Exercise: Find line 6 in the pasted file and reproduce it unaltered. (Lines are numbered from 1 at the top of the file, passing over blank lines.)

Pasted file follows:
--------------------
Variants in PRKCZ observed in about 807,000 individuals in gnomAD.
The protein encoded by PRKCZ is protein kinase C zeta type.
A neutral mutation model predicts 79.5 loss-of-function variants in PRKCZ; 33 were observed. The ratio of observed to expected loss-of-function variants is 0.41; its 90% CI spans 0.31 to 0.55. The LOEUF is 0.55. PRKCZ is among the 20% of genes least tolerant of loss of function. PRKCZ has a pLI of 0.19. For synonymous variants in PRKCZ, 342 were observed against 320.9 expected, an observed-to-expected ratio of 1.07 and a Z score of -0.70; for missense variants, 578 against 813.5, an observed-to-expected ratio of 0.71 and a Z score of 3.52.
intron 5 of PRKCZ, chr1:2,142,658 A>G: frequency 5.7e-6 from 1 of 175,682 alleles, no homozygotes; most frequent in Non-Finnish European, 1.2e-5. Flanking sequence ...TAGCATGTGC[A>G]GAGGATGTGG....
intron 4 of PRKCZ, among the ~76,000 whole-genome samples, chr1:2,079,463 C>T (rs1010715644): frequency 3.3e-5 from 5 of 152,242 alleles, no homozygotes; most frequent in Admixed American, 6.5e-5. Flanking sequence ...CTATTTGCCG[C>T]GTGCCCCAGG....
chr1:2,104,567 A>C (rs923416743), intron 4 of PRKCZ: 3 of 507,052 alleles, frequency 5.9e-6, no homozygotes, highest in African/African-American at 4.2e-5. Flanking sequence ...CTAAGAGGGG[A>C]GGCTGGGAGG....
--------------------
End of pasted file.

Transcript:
chr1:2,104,567 A>C (rs923416743), intron 4 of PRKCZ: 3 of 507,052 alleles, frequency 5.9e-6, no homozygotes, highest in African/African-American at 4.2e-5. Flanking sequence ...CTAAGAGGGG[A>C]GGCTGGGAGG....